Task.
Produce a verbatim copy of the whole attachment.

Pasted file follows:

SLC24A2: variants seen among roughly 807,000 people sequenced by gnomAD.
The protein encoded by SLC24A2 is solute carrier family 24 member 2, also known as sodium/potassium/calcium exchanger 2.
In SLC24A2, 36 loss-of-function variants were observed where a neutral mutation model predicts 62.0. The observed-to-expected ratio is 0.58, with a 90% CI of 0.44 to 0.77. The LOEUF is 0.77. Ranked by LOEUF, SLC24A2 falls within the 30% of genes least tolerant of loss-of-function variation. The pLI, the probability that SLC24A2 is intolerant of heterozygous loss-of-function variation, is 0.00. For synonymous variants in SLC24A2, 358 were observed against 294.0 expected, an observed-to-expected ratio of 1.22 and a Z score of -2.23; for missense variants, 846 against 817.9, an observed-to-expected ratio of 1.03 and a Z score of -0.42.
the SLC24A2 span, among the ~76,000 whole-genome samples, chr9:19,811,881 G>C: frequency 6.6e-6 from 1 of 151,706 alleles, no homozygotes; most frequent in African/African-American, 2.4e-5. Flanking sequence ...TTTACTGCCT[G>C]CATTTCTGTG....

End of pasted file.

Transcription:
SLC24A2: variants seen among roughly 807,000 people sequenced by gnomAD.
The protein encoded by SLC24A2 is solute carrier family 24 member 2, also known as sodium/potassium/calcium exchanger 2.
In SLC24A2, 36 loss-of-function variants were observed where a neutral mutation model predicts 62.0. The observed-to-expected ratio is 0.58, with a 90% CI of 0.44 to 0.77. The LOEUF is 0.77. Ranked by LOEUF, SLC24A2 falls within the 30% of genes least tolerant of loss-of-function variation. The pLI, the probability that SLC24A2 is intolerant of heterozygous loss-of-function variation, is 0.00. For synonymous variants in SLC24A2, 358 were observed against 294.0 expected, an observed-to-expected ratio of 1.22 and a Z score of -2.23; for missense variants, 846 against 817.9, an observed-to-expected ratio of 1.03 and a Z score of -0.42.
the SLC24A2 span, among the ~76,000 whole-genome samples, chr9:19,811,881 G>C: frequency 6.6e-6 from 1 of 151,706 alleles, no homozygotes; most frequent in African/African-American, 2.4e-5. Flanking sequence ...TTTACTGCCT[G>C]CATTTCTGTG....